If you don’t mind, this is going to be what’s called a “we we” post, or one where I talk more about the company, than about the reader. In other words, I’m breaking the cardinal rule of blogging. I feel, though, that a full explanation is needed. I hope you’ll see why I’ve made this change, and how it can help your company. [Read more...]
“How do I get a high Google page ranking for my Website?”
I get that question a lot when I’m out and about, after people discover what I do for a living. They think there’s some kind of simple “secret sauce” they can add to their sites to make them rank higher in Google.
The short answer is … yes, there is a secret sauce. But with most secret sauces you see made on Food Network shows, there’s some work and a few ingredients that go into this search engine optimization, or SEO oriented sauce. Unlike most Food Network shows, though, giving the recipe won’t take me a half hour, a ton of commercials, and incessant reminders of what the show is about.
First, you might need to change the way you think about search engine results. Then we can talk about Google-magnet content, and the SEO secret sauce you need to add to get your content into that vaunted first page of Google.
Website Redesign and Relaunch, and Conversion Rates …
For some reason, this lyric popped into my head when I first read a couple of mornings back about new research from our technology partner HubSpot:
What a girl wants
What a girl needs
Whatever keeps me in your arms
~ What a Girl Wants, Christina Aguilera
(Things like that tend to happen after I’ve had my first cup of coffee for the day.)
Companies relaunch Websites precisely because they want to keep their customers in their “arms”—in this case, on their sites and using them for e-commerce, lead generation, news-article views and so on. Their old sites probably weren’t getting the job done, and their sales, leads or pageviews were suffering as a result.
Or just as likely: Their old Websites were mired in 2005 (or 1995), and they needed a new, modern look that also fulfills a business purpose (see paragraph above).
What consumers want and what they don’t want in a Website, and how that can help with your Website redesign and relaunch strategy … after the jump.
Inexpensive, effective websites for small business: I hadn’t planned on the topic of small businesses and Websites turning into a two-part series. But after I wrote the post on why using a strategy advocated by The Wall Street Journal was a bad idea, I thought I needed to expand on it .. so much so, that I’m soon going to be publishing an eBook on it.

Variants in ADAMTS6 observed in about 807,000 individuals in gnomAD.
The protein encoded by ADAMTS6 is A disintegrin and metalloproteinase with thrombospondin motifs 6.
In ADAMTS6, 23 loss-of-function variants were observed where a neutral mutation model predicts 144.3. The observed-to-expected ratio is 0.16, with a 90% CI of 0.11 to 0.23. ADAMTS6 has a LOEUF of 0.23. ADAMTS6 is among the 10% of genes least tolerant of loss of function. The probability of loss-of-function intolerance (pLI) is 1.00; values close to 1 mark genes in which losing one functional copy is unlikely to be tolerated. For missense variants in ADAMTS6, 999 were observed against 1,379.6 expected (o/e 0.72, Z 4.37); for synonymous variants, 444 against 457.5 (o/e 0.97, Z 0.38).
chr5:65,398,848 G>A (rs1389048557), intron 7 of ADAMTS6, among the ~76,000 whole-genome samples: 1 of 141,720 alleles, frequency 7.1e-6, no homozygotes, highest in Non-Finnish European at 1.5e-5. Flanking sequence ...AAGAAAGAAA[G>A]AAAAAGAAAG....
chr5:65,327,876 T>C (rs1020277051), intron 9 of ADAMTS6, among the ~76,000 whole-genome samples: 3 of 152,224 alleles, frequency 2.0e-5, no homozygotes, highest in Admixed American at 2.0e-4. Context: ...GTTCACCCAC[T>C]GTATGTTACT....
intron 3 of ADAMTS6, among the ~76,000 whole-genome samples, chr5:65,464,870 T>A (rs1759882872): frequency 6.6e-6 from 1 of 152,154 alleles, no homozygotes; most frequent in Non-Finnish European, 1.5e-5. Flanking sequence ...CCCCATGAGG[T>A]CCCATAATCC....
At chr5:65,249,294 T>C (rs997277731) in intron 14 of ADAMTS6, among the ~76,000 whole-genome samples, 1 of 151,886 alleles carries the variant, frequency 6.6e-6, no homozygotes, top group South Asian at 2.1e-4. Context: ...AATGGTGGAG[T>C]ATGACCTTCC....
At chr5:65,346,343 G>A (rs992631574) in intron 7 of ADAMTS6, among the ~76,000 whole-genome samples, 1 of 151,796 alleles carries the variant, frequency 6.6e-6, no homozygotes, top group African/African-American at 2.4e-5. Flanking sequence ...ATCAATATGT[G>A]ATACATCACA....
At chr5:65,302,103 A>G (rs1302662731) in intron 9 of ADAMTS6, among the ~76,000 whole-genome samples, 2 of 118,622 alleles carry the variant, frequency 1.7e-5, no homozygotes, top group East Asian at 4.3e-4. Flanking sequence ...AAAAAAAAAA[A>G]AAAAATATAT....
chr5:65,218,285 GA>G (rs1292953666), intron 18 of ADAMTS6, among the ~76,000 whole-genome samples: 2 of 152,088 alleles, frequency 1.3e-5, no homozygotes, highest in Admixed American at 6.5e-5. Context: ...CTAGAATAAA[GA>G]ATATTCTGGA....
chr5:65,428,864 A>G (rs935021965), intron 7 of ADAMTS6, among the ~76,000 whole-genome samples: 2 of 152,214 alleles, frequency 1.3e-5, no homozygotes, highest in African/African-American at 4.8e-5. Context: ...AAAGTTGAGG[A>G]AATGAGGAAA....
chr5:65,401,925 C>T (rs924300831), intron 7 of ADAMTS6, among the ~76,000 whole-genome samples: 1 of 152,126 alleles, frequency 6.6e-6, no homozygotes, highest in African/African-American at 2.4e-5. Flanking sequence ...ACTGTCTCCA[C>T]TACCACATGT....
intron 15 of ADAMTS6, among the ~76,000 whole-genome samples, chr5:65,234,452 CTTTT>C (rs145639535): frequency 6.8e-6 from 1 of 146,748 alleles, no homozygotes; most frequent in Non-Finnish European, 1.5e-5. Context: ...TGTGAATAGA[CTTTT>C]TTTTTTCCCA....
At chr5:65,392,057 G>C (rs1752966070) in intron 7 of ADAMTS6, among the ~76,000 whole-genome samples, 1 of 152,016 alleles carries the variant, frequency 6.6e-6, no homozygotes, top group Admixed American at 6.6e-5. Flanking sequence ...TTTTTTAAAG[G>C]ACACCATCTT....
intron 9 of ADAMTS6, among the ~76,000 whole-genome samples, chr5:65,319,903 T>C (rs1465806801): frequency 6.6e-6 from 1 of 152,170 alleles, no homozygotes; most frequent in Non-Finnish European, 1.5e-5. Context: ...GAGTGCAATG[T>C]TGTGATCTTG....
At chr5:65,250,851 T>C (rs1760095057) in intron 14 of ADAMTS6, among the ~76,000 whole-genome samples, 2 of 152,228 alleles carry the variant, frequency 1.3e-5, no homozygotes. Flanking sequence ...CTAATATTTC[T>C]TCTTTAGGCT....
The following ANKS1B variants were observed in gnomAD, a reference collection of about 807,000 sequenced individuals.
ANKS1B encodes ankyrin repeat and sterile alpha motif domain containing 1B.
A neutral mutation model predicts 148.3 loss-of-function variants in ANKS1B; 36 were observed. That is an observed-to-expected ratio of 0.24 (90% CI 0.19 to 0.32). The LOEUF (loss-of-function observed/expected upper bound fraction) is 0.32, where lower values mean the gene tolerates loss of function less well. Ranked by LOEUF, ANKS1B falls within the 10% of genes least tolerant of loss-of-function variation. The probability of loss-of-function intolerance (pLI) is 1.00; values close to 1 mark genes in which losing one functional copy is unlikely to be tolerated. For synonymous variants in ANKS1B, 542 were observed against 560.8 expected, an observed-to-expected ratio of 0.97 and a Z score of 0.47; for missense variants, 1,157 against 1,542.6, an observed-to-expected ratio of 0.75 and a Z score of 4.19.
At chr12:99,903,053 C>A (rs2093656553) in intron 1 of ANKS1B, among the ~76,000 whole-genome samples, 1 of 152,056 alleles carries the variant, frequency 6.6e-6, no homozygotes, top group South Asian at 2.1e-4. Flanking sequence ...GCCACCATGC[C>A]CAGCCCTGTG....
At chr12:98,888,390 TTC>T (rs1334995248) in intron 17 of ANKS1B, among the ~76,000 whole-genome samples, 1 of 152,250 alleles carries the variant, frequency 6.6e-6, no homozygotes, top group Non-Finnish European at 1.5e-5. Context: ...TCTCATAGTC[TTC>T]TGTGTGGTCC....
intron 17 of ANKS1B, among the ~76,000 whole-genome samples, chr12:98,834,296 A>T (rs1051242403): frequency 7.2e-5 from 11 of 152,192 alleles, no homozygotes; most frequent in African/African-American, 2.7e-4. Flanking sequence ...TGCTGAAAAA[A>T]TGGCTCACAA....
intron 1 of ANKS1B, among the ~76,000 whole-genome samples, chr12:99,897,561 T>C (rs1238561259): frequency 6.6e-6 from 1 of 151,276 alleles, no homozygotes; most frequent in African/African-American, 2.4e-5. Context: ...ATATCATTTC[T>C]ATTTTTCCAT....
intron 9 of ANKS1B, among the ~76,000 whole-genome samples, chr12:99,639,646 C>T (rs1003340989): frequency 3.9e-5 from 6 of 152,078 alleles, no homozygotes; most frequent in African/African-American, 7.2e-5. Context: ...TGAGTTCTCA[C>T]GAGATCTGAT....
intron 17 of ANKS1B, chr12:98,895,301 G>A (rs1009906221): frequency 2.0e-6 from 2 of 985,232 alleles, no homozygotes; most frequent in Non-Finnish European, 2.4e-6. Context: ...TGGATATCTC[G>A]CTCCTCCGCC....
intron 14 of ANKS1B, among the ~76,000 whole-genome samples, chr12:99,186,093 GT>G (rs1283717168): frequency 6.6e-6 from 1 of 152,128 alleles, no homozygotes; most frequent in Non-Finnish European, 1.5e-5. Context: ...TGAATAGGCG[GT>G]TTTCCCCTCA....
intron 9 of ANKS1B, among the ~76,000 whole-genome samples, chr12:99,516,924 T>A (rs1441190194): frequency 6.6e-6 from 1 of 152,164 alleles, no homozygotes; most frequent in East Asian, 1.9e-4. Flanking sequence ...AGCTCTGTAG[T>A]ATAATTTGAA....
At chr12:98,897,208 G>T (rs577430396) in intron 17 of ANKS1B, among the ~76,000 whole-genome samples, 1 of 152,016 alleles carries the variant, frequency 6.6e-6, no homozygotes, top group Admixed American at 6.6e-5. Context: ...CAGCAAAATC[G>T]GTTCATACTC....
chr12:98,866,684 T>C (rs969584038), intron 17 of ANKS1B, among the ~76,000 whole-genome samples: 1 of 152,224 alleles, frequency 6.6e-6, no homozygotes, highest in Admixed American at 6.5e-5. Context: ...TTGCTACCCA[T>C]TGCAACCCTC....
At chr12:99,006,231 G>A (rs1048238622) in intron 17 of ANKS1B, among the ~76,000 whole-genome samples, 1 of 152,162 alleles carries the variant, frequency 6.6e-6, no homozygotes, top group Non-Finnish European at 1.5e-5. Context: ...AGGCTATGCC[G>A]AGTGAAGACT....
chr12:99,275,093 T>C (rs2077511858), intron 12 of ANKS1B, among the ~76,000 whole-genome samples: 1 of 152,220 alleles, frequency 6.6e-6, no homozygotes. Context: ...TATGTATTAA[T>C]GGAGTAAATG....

From that original piece, the WSJ said:
… [I]f you’re starting a business with limited funds, a flashy company Website isn’t a must. For little or no cost, you could put your fledgling enterprise on a third-party site such as a blog-hosting service, social-media outlet, business directory or marketplace.
While I agree with a lot of that statement (and that comes from someone who makes their living at creating Websites for all sizes and kinds of businesses), I strongly disagree with some of it. Which part? And what to do about it?
There have been a few high-profile cases in the past year or so of mass hackings of such sites. Thing is, the ultimate fault of those hacks comes from the servers at the hosting companies, not the site owners or the WP content-management system (CMS) in and of itself.
With WordPress being the most-used CMS for Websites, and most of the largest Web hosting companies providing these services for such sites, it stands to reason that hackers are devoting much of their time to penetrating WP sites and their hosts.
WP is built on a programming language called PHP, which is also used for other CMS platforms. That’s a key point you need to know, as you read the following passage from one of WP’s lead developers:
Websites for small businesses: The Wall Street Journal last Monday published an interesting story that will no doubt have appeal for small businesses. In the process, though, it might do these vulnerable members of the community a real disservice.
Before I go on, I need to come clean: I make my living off of providing Website strategy, design, development and content services, as well as a heckuva lot of consulting services in various related areas. So take everything I write with a grain .. or two .. or a whole shaker full … of salt.
Follow up email from social business meeting … that keyword string entered into Google by a person shows the power of search engine optimization, or SEO, and inbound marketing in general. It also demonstrates how quickly a well-optimized blog post can bring results to your company.
Just yesterday at my Hand to Mouse Networking site, I published a blog post called Following Up … For Success. It’s the start of a three-part series on how to follow up on social-business networking. The first part was really an intro to the series, and Parts II and III will deal with two systems on following up with both offline and online contacts.
Call it email autoresponder campaigning or drip marketing. I actually call it lead nurturing. No matter how they’re known, though, they all have the same effect: They put your brand at the top of your prospects’ minds. They’re even more effective when you’ve attracted them to your site or premium offer with an inbound-marketing campaign.
Combining a lead-nurturing campaign with a premium-content publication or special offer, and even tossing in a free trial or demo of your product or service to kick things up a notch (sorry, Emeril), can increase your conversions and give you a greater return-on-investment (ROI) than outbound marketing. Here’s how.